Also most of R&D are happening for diagnosis of the disease. Google’s DeepMind has is also focusing on prediction of acute kidney injury as there are about 1M cases alone in the UK every year. These all early diagnostics will help us to move from reactive to preventive healthcare in upcoming future. 

In this article I would be stressing on the later part which includes diagnosis, prediction and prognosis of disease with the help of computation power in the present world and machine learning algorithms. After reviewing the evidence from the last few decades, Journal of American Medical Association has marked the incidence of cancer misdiagnosis between 10% and 20%, misdiagnosis outweighs both drug errors and botched surgeries as an avoidable cause of patient harm.

And in a country like India where we are facing a shortage of 6,000,000 doctors as per UN norms, we can exploit the diagnosis of diseases with the help of computers and not much trained doctors and reduce the misdiagnosis cases by a huge number.

Companies like PAIGE.AI are doing a lot in diagnosis of cancer with the help of AI, Computational pathology and clinical experts. They are working on general and organ-specific modules. PAIGE will be able to fulfill tasks ranging from rapid diagnostic stratification to tumor detection, segmentation, prediction of treatment response and survival. They have lots of publications in this field that are available on their website. They are working on algorithms that takes petabytes of data. Their introductory video gives a very clear view of the big picture which Thomas wants to convey. Companies like this works on hard core machine learning algorithms. And many of them still being used as a black box.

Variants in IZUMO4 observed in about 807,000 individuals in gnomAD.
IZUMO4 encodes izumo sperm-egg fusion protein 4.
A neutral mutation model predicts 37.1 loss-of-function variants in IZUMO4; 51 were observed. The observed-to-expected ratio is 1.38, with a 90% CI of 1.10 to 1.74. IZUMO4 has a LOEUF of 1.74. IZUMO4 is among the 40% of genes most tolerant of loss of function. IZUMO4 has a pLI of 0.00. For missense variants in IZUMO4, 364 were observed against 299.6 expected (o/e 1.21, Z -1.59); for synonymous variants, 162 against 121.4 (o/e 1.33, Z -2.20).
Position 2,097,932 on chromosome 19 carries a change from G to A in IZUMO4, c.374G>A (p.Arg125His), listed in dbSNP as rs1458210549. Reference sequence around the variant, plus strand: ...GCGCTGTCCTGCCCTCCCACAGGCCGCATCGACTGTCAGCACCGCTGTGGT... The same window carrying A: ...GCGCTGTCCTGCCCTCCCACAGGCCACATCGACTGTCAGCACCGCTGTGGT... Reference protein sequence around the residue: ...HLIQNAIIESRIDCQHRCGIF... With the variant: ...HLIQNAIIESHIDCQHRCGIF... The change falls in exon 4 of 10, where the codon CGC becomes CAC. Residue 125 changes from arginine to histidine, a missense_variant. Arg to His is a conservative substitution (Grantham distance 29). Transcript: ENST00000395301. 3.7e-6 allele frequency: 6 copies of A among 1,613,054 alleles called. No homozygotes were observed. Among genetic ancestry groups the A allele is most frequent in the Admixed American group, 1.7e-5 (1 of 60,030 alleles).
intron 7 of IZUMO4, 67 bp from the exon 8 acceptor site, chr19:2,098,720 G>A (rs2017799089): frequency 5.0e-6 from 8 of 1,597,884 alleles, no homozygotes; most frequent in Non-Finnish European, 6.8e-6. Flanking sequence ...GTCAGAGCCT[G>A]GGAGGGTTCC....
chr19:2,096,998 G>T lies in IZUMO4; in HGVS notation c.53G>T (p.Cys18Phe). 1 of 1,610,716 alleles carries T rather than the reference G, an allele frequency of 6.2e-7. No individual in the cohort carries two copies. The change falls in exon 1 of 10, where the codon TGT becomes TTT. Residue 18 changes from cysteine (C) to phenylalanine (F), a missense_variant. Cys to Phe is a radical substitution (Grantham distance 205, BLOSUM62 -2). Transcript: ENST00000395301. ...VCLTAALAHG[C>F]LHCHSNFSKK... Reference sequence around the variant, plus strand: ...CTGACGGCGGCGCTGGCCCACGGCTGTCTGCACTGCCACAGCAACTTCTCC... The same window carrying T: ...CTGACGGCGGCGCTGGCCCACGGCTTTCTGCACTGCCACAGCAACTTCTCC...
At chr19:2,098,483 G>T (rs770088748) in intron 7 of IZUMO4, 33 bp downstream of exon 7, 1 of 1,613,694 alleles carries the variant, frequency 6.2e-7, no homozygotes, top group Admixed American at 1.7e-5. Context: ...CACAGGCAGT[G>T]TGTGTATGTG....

Then we have startups like Willtok – they are data-driven, enterprise SaaS company that delivers the healthcare industry’s leading consumer activation platform – as per their website. They generate data at large scale of 270M and 800 parameters and then apply analytics and predictive algorithms to identify individual needs, receptivity and impact ability. They also have collaborated with IBM Watson for applied artificial intelligence in healthcare.

In the near future with this increasing R&D in this field we can see ourselves been treated by computer end to end with minimal human interference. Starting from diagnosis going till surgery all things can be automated.

These all are industry level solutions of problems related to healthcare. There are a lot of competition in which people from educational institute solve the healthcare issues leveraging artificial intelligence. The research groups are very niche in this field but is growing day by day.

Talking about the impact on mankind, the misdiagnosis of diseases the poor prediction of prognosis, mostly due to human error or the specific cases that can slip through a human  being can be taken care of by the computational power, and predictive algorithms that can learn from petabytes of data and millions of parameters, with high confidence interval.

Taneshq Verma is a tech analyst at Vistas News